Rational: After catching, this position is the least productive, so why spend?

Team 2: Robinson Cano $23 / Starlin Castro $12 / Neil Walker $10 Total spent $45

Rational: There is a big drop-off in production after the top tier, hence get a player before the projected drop-off.

   Outfield: no opposing strategy; the objective in both cases was to pay for HRs and acquire an outfield that is balanced in terms of Roto hitting categories. Both drafts showed that the outfield is deep this year. A deep position calls for some planning by analyzing players’ projections. Add the numbers. For example, add projections for two outfielders who can be had for a buck plus a reasonably expensive catcher. Repeat by adding projections for one $1 outfielder, one $1 catcher and a middle tier outfielder whose $ value makes the two additions equivalent money wise. Which projection numbers look better? Draft accordingly. 

Team 1: Yoenis Cespedes $20 / Ben Revere $17 / Jason Heyward $17 / Alex Gordon $14 / Coco Crisp $3 Total spent $71

Team 2: Giancarlo Stanton $38 / Rusney Castillo $13 / Brett Gardener $13 / Melky Cabrera $10 / David Peralta $1 Total spent $75

Utility: Team 1: Nelson Cruz $11 Team 2: Adam LaRoche $9

Both players come with a huge question mark about their performance with new teams. Their price was right.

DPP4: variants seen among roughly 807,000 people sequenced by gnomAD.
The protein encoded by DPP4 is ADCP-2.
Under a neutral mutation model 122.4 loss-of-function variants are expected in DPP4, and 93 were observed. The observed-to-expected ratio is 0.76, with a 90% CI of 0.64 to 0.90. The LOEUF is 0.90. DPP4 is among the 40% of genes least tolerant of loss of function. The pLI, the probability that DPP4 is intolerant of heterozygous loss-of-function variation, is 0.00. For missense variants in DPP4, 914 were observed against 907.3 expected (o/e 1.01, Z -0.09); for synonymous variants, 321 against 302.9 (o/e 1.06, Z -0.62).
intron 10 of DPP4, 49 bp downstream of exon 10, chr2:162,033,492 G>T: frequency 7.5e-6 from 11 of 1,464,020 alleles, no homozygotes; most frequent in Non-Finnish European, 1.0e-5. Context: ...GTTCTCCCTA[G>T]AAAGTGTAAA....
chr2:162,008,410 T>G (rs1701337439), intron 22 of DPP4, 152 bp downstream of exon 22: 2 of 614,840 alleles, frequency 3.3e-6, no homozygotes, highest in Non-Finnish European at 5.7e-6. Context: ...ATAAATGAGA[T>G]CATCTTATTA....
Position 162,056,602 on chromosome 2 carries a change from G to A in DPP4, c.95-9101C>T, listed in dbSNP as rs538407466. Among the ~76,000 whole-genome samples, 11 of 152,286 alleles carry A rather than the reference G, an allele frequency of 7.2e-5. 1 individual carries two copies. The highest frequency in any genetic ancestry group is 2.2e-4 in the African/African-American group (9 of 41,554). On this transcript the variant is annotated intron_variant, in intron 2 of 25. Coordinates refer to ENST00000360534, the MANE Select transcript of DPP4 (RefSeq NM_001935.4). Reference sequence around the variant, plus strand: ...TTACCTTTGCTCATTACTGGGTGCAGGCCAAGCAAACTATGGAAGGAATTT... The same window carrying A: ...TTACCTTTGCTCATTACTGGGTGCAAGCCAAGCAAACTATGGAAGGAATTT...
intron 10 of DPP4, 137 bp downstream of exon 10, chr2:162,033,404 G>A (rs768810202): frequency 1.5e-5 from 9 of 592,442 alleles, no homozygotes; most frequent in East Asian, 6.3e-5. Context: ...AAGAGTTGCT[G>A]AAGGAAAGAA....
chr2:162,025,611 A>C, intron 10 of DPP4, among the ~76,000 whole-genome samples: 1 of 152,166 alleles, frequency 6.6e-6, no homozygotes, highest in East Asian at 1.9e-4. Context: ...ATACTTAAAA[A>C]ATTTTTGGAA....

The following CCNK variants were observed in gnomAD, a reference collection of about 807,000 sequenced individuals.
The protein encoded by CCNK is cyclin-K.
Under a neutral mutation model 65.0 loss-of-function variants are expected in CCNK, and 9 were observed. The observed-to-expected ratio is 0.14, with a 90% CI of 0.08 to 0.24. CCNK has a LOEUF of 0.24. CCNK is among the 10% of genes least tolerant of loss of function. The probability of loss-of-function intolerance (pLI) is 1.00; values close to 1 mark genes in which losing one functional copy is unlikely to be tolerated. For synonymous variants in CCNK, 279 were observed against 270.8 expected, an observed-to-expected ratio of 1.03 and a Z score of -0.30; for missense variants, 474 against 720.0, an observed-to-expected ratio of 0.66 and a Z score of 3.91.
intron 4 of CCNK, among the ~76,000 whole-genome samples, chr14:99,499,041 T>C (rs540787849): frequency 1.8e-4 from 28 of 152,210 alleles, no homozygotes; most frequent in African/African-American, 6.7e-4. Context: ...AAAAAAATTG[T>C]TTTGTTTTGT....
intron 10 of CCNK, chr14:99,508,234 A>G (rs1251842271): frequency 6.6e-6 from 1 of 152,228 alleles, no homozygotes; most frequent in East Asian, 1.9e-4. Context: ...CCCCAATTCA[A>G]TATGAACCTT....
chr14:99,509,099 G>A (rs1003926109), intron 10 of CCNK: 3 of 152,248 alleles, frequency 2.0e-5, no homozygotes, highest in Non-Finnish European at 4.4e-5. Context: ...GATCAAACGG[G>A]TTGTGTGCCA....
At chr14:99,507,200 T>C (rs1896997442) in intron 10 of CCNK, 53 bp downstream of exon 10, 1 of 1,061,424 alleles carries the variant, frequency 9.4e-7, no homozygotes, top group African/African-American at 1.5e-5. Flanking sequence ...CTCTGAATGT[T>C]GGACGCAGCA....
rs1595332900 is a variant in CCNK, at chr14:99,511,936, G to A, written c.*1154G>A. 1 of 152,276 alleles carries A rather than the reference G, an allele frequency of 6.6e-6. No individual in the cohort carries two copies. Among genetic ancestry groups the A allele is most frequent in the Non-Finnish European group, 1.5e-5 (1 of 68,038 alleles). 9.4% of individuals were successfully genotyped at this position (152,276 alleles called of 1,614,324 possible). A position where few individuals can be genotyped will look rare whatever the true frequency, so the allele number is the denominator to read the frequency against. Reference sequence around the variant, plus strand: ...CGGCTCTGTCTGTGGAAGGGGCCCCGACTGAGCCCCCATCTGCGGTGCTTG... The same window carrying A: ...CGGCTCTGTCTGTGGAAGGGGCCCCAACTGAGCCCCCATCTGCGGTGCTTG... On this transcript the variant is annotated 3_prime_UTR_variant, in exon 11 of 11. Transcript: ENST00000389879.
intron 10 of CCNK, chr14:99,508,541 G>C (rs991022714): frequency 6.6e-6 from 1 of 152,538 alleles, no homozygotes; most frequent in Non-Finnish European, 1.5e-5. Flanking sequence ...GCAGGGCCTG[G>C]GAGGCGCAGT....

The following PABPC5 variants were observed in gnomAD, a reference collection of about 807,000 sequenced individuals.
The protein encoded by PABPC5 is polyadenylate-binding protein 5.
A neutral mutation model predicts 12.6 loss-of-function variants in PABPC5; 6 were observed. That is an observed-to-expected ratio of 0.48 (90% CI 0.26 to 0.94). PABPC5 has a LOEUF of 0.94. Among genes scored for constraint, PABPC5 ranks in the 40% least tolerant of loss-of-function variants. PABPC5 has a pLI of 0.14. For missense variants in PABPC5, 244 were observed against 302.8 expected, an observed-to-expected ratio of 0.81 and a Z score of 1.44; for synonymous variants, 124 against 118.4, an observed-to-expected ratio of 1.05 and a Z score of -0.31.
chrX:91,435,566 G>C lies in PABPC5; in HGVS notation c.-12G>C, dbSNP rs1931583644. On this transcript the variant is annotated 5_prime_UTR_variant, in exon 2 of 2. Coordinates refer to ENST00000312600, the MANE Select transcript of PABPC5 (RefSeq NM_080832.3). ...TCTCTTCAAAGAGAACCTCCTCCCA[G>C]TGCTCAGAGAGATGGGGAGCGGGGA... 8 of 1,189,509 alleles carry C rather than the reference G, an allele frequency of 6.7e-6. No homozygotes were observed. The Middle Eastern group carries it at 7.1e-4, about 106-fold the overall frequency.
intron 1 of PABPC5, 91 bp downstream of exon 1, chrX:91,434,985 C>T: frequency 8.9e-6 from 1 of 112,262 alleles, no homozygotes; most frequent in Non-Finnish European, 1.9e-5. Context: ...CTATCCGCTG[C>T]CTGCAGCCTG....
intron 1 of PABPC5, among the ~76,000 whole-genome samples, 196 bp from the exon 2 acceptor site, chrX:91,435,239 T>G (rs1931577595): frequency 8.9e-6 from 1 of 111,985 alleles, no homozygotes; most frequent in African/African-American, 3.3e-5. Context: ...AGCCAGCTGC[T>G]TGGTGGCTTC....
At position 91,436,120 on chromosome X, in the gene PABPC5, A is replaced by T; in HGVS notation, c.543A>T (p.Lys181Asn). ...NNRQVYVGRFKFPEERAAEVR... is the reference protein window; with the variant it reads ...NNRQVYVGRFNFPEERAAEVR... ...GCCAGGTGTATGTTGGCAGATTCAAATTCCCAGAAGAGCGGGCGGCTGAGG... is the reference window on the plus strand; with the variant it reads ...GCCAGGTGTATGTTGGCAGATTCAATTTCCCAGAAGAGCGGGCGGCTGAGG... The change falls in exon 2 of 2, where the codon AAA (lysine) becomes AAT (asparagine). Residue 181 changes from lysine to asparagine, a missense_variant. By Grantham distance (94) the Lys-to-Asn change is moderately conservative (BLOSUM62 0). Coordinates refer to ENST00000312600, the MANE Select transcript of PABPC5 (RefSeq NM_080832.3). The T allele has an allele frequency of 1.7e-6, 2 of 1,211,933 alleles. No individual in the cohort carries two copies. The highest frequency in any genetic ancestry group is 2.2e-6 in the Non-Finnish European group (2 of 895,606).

Opposite experimental strategy (D): To spend or not to spend on pitching?

Team 1: Max Scherzer $34 / Jake Arrieta $16 / Julio Teheran $14 / Hyun-jin Ryu $14 / Jake Odorizzi $7 / Danny Duffy $1 Total spent $86

Rational: A lot has been written on Mastersball.com about the new era of pitching. My interpretation of that is that we ought to revise the old hitting/pitching ratio in favor of pitching and get Clayton Kershaw or another elite player if you can.

Team 2: Alex Wood $15 / Jacob DeGrom $13 / Collin McHugh $7 / Matt Shoemaker $6 / Kevin Gausman $4 / Scott Kazmir $4 Total spent $49

Rational: Spend the usual 25% to 30% of total budget on pitching; keep an eye on newcomers during the season.

Opposite experimental strategy (E): Not opposite, but still different

Team 1: Aroldis Chapman $21 / JP Howell $1 / Tony Watson $1 Total spent $22

Rational: Get a top RP and two $1 ones at the end of the draft; considering the high turnover of closers, new ones will be available during the season, so why pay?

Team 2: Trevor Rosenthal $12 /Koji Uehara $9 / JP Howell $1 Total spent $22

Rational: I was surprised that while top tier closers went for low to mid 20’s, other solid ones went for much less. Hence the closer situation of Team 2 appears superior to that of Team 1. By the time Team 1 acquires two new RPs, Team 2 will be well ahead in the Saves category.

   Final thought: Team 1 has spent much more than Team 2 on pitching. The only valid comparison is the end of the season result: that is, which of the two teams will find itself higher than the other team in the final standings of their respective leagues.

   I would put my money on Team 1.